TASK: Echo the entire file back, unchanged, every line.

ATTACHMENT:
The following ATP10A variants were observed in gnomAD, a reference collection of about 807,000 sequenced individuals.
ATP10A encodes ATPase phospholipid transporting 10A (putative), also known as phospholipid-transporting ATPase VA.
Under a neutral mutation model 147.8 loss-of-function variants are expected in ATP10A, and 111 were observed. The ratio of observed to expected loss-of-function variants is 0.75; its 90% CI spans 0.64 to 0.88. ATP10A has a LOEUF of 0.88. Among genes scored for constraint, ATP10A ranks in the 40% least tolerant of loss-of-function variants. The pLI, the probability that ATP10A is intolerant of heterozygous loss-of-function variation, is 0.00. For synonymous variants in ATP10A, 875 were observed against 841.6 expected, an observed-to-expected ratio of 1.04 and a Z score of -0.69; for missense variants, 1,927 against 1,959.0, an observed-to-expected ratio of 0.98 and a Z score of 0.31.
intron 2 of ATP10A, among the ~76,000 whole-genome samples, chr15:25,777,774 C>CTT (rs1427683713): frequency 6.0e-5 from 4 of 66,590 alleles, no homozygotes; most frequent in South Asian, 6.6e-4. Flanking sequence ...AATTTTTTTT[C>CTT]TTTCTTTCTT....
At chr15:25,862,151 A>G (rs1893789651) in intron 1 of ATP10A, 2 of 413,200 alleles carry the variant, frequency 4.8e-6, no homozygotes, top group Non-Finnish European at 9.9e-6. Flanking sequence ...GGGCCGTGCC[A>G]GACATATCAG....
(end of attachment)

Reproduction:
The following ATP10A variants were observed in gnomAD, a reference collection of about 807,000 sequenced individuals.
ATP10A encodes ATPase phospholipid transporting 10A (putative), also known as phospholipid-transporting ATPase VA.
Under a neutral mutation model 147.8 loss-of-function variants are expected in ATP10A, and 111 were observed. The ratio of observed to expected loss-of-function variants is 0.75; its 90% CI spans 0.64 to 0.88. ATP10A has a LOEUF of 0.88. Among genes scored for constraint, ATP10A ranks in the 40% least tolerant of loss-of-function variants. The pLI, the probability that ATP10A is intolerant of heterozygous loss-of-function variation, is 0.00. For synonymous variants in ATP10A, 875 were observed against 841.6 expected, an observed-to-expected ratio of 1.04 and a Z score of -0.69; for missense variants, 1,927 against 1,959.0, an observed-to-expected ratio of 0.98 and a Z score of 0.31.
intron 2 of ATP10A, among the ~76,000 whole-genome samples, chr15:25,777,774 C>CTT (rs1427683713): frequency 6.0e-5 from 4 of 66,590 alleles, no homozygotes; most frequent in South Asian, 6.6e-4. Flanking sequence ...AATTTTTTTT[C>CTT]TTTCTTTCTT....
At chr15:25,862,151 A>G (rs1893789651) in intron 1 of ATP10A, 2 of 413,200 alleles carry the variant, frequency 4.8e-6, no homozygotes, top group Non-Finnish European at 9.9e-6. Flanking sequence ...GGGCCGTGCC[A>G]GACATATCAG....